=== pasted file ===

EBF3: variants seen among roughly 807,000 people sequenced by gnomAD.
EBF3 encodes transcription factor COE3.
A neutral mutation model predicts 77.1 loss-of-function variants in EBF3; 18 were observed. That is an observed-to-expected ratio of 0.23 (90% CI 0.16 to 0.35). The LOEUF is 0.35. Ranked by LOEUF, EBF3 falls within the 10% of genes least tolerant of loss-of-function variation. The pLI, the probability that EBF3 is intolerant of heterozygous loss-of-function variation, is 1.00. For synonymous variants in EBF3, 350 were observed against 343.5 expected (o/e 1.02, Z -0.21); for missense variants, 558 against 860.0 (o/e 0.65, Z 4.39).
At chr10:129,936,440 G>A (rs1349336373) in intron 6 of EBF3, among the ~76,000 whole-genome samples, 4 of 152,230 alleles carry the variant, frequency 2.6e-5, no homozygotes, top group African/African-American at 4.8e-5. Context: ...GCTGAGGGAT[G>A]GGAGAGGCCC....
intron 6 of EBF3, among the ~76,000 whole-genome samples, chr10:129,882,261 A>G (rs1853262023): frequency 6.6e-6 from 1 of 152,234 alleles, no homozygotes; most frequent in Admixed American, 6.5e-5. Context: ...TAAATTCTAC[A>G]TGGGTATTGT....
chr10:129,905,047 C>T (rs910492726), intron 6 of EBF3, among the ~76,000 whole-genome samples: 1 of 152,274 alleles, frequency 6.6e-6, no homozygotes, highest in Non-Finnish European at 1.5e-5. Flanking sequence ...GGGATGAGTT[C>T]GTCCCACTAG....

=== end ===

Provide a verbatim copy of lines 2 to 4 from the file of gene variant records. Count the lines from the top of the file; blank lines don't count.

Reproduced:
EBF3 encodes transcription factor COE3.
A neutral mutation model predicts 77.1 loss-of-function variants in EBF3; 18 were observed. That is an observed-to-expected ratio of 0.23 (90% CI 0.16 to 0.35). The LOEUF is 0.35. Ranked by LOEUF, EBF3 falls within the 10% of genes least tolerant of loss-of-function variation. The pLI, the probability that EBF3 is intolerant of heterozygous loss-of-function variation, is 1.00. For synonymous variants in EBF3, 350 were observed against 343.5 expected (o/e 1.02, Z -0.21); for missense variants, 558 against 860.0 (o/e 0.65, Z 4.39).
At chr10:129,936,440 G>A (rs1349336373) in intron 6 of EBF3, among the ~76,000 whole-genome samples, 4 of 152,230 alleles carry the variant, frequency 2.6e-5, no homozygotes, top group African/African-American at 4.8e-5. Context: ...GCTGAGGGAT[G>A]GGAGAGGCCC....